South Sudan: Current Issues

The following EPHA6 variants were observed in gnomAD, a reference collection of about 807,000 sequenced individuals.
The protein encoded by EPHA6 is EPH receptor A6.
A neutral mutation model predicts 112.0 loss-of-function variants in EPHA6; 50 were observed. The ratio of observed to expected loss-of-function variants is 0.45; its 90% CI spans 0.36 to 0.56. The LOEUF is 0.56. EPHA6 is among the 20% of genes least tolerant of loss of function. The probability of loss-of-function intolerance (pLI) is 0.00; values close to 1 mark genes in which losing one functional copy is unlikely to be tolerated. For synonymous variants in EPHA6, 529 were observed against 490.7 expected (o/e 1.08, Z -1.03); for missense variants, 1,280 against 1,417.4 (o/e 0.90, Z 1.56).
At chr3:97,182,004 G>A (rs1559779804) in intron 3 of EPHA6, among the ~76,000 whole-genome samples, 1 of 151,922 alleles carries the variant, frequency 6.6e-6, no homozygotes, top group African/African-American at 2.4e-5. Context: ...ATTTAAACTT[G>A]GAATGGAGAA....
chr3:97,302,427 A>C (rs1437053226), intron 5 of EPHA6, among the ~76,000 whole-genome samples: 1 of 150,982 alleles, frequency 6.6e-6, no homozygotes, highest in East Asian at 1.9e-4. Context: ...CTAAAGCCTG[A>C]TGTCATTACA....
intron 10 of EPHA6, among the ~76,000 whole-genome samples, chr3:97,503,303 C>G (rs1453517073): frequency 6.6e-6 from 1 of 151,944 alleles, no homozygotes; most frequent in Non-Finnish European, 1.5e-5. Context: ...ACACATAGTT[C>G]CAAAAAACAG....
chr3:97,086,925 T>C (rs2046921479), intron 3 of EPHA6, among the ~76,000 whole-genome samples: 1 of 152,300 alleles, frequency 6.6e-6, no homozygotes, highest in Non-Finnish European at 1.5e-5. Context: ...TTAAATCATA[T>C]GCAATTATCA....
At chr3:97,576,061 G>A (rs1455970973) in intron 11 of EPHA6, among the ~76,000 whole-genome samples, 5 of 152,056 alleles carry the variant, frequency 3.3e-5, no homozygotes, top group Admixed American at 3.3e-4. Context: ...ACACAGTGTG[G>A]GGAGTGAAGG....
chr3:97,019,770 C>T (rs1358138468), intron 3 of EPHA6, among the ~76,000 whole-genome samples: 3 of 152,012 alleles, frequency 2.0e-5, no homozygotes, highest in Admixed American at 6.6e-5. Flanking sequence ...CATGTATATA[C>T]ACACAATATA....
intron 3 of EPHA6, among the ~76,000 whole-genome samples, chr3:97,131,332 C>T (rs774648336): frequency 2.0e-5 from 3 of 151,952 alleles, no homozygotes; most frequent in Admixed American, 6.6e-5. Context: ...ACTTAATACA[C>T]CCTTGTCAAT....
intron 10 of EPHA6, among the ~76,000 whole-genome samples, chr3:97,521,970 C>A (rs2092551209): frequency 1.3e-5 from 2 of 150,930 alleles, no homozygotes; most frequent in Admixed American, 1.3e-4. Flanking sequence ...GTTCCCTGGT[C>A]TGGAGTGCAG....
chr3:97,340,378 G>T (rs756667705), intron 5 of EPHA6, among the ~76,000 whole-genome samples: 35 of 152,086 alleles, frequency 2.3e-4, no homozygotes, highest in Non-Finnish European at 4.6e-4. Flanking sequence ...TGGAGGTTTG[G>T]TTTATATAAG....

October 1, 2014 South Sudan: Current Issues South Sudan emerged in 2011 as the world’s newest country, and as one of its least developed. After almost 40 years of war between the Sudan government and southern insurgents, an overwhelming majority of southern Sudanese voted in January 2011 to secede from Sudan. More than 2.5 million people were killed in the civil war and more than 4 million were displaced. Many fled as refugees, including to the United States. South Sudan was devastated by the conflict, which hindered the development of basic infrastructure and formal civilian institutions. The war created massive, chronic humanitarian needs that have persisted, despite a bounty of natural resources, including 75% of Sudan’s former oil reserves. Corruption also slowed post-war recovery and development. South Sudan was the world’s largest recipient of humanitarian aid in 2013. In December 2013, less than three years after independence, growing political tensions among key leaders in South Sudan erupted in violence. The political dispute that triggered the crisis was not based on ethnic identity, but it overlapped with preexisting ethnic and political grievances, sparking armed clashes and targeted ethnic killings in the capital, Juba, and then beyond. Ongoing fighting, between forces loyal to South Sudan President Salva Kiir and forces aligned with his former vice president, Riek Machar, and among armed civilians, has caused a security and humanitarian emergency, adding to vast pre-existing needs and development challenges. After the initial outbreak of violence, Riek Machar declared a rebellion against President Kiir, who accused Machar of plotting a coup. The fighting has continued, despite international pressure to resolve the conflict and repeated commitments by the warring parties to observe a cessation of hostilities deal signed in January. Regional mediators have led negotiations in Ethiopia amid ongoing violence, but progress has been limited. In early June, the two sides agreed to the mediators’ proposal for a transitional government, but they continue to disagree on its composition. Significant questions remain regarding the scope of the dialogue to come, the willingness of either side to compromise, and the extent to which other stakeholders are included in the process. Some South Sudanese express concern that a proposed power-sharing arrangement may not address the root causes of the conflict. Impact of the Conflict More than 1.8 million people have been displaced since December, and experts warn that the country is on the verge of a humanitarian catastrophe. U.N. officials estimate that 7 million people are at risk of hunger and disease in 2014, with nearly 4 million, almost one-third of the population, facing alarming levels of food insecurity. The fighting has disrupted farming cycles and grazing patterns, and local markets have collapsed. Aid agencies warn that parts of the country may face famine conditions in early 2015. Of the displaced, more than 458,000 people have fled as refugees to neighboring Ethiopia, Sudan, Uganda, and Kenya. The conflict also affects humanitarian access to over 220,000 refugees who fled an ongoing conflict in neighboring Sudan and who are sheltering in camps in South Sudan. U.N. officials assert that targeted attacks against civilians and U.N. personnel during the conflict may constitute war crimes or crimes against humanity. The U.N. Mission in the Republic of South Sudan (UNMISS) reported in May that “from the very outset of the violence, gross violations of human rights and serious violations of humanitarian law have occurred on a massive scale. Civilians were not only caught up in the violence, they were directly targeted, often along ethnic lines.” Both sides have reportedly used child soldiers. Thousands have been killed, and almost 100,000 have sought refuge at UNMISS peacekeeping bases. By numerous accounts, many of those sheltering at the crowded U.N. bases fear that they may be targeted based on political or ethnic affiliation if they leave. Disease outbreaks are a major concern in the rainy season—the first cholera cases were reported in May. Background and Context The current crisis reflects underlying tensions and mistrust among South Sudanese leaders and ethnic groups that date back to Sudan’s civil war, and before. While the war was described broadly as a north-south conflict, infighting among southern rebel commanders in the 1990s nearly derailed the southern bid for selfdetermination, as leaders of the insurgency, the Sudan People’s Liberation Movement/Army (SPLM/SPLA), competed for power and mobilized supporters along ethnic lines, resulting in atrocities by all sides. Khartoum fueled SPLM splits by financing and arming breakaway factions. www.crs.gov | 7-5700 South Sudan: Current Issues The major factions reconciled in the early 2000s, although several smaller southern militias continued to operate. In 2005, the Sudan government and the SPLM signed the Comprehensive Peace Agreement (CPA) to end the war. That deal paved the way for 2010 elections and the southern referendum, after which South Sudan, led by the SPLM, seceded in July 2011. The relationship between Sudan and South Sudan remains tense, and parts of the CPA have yet to be fully implemented. In early 2012, South Sudan’s government, angered by Khartoum’s unilateral decisions regarding the transit and export of South Sudanese oil through Sudan, and by border disputes, suspended oil production for over a year. This led to fiscal austerity measures and economic shocks in both countries. Most SPLM leaders publicly put aside their differences as the war was ending to present a unified front and, in some cases, position themselves for political office. Ethnic tensions and bitter interpersonal rivalries grew under the strain of increased governing responsibilities, amid severe human, institutional, and infrastructure capacity constraints. The country remained awash in small arms, and localized interethnic violence increased and appeared progressively politicized. Political maneuvering ahead of anticipated 2015 elections added to these dynamics. Work on a new constitution stalled, and a political struggle among senior SPLM members unfolded. President Kiir’s July 2013 cabinet reshuffle, in which long-time political rival and presidential hopeful Machar and other key officials were removed from office, formalized a major fissure in the ruling party. Tensions rose as Machar and others publicly accused President Kiir of becoming increasingly dictatorial. The initial fighting, on December 15, reportedly occurred in Juba between presidential guard soldiers from the country’s largest and second largest ethnic groups, the Dinka and the Nuer, from which Kiir and Machar, respectively, hail. The fighting soon spread beyond the capital to the eastern state of Jonglei, where inter-communal violence had already displaced 100,000 people, and to the oil-producing states of Unity and Upper Nile. South Sudan’s military split, largely along ethnic lines. Some military units rebelled against Kiir, purportedly in response to targeted ethnic attacks against Nuer in Juba by government forces. The fighting has primarily occurred in Jonglei, Unity, and Upper Nile as the two sides vie for territory. Ugandan military support for the government has been controversial. Other neighbors have sought to maintain the appearance of neutrality, although some South Sudan officials accuse Sudan of arming Machar’s forces. Senior SPLM political figures were initially arrested in December for plotting what President Kiir claimed was a failed coup attempt. U.S. officials have reported no evidence of such an effort. The detained politicians were later released, but not exonerated, and they have sought to form a third block at the peace talks. Rebuilding trust among political leaders, and between communities affected by ethnic violence, may prove increasingly difficult the longer the crisis continues. Many warn that the fighting may increase with the onset of the dry season in late 2014. Responding to the Crisis The international community is mobilizing diplomatic, humanitarian, and peacekeeping resources to protect civilians, respond to rising needs, and bring an end to the conflict. Donors have pledged about $963 million to date in response to a U.N. appeal for $1.8 billion in relief aid for 2014. The United States is by far the largest humanitarian donor, allocating more than $720 million. The humanitarian response has been constrained by funding shortfalls, access challenges, threats against U.N. and other aid agency personnel, and ongoing hostilities. The looting of relief supplies at the onset of the conflict, followed by heavy seasonal rains, has necessitated the costly distribution of food supplies by air. The U.N. Security Council unanimously authorized a substantial increase in peacekeeping forces for UNMISS in December, and in late May modified the mission’s mandate to focus on four key tasks: protecting civilians, monitoring and investigating human rights abuses, facilitating aid delivery, and supporting the cessation of hostilities deal. African leaders have joined U.N., U.S., and other international leaders in criticizing both sides for the civilian suffering arising from the ongoing fighting, and East African officials have threatened sanctions against the warring parties. “If the conflict continues, half of South Sudan’s 12 million people will either be displaced internally, refugees abroad, starving or dead by the year’s end.” U.N. Secretary-General Ban Ki-moon to the U.N. Security Council, May 12, 2014 U.S. Policy and Foreign Assistance The United States played a major role in facilitating the CPA and South Sudan’s subsequent independence, and the United States has been the country’s largest bilateral foreign aid donor. It also has played a lead role in U.N. Security Council deliberations on the country. Engagement by Congress has been historically driven by human rights and humanitarian concerns. Despite strains in the relationship with the South Sudan government, several senior Obama Administration officials have expressed a personal stake in resolving the current crisis. U.S. officials have sought to pressure both sides to accept a settlement that will facilitate reconciliation and as accountability for crimes committed during the conflict. President Obama imposed targeted sanctions under Executive Order 13664 on two military leaders deemed responsible for fueling the war—a senior rebel commander and the head of the presidential guard—in May 2014. Two additional commanders were sanctioned in September. The State Department has requested $331 million in FY2015 foreign aid for South Sudan (not including anticipated humanitarian aid) to protect development gains, ensure delivery of essential services, and promote peace, in addition to a request of more than $390 million to support UNMISS. See also CRS Report R43344, The Crisis in South Sudan. Lauren Ploch Blanchard, lploch@crs.loc.gov, 7-7640 www.crs.gov | 7-5700 IF00032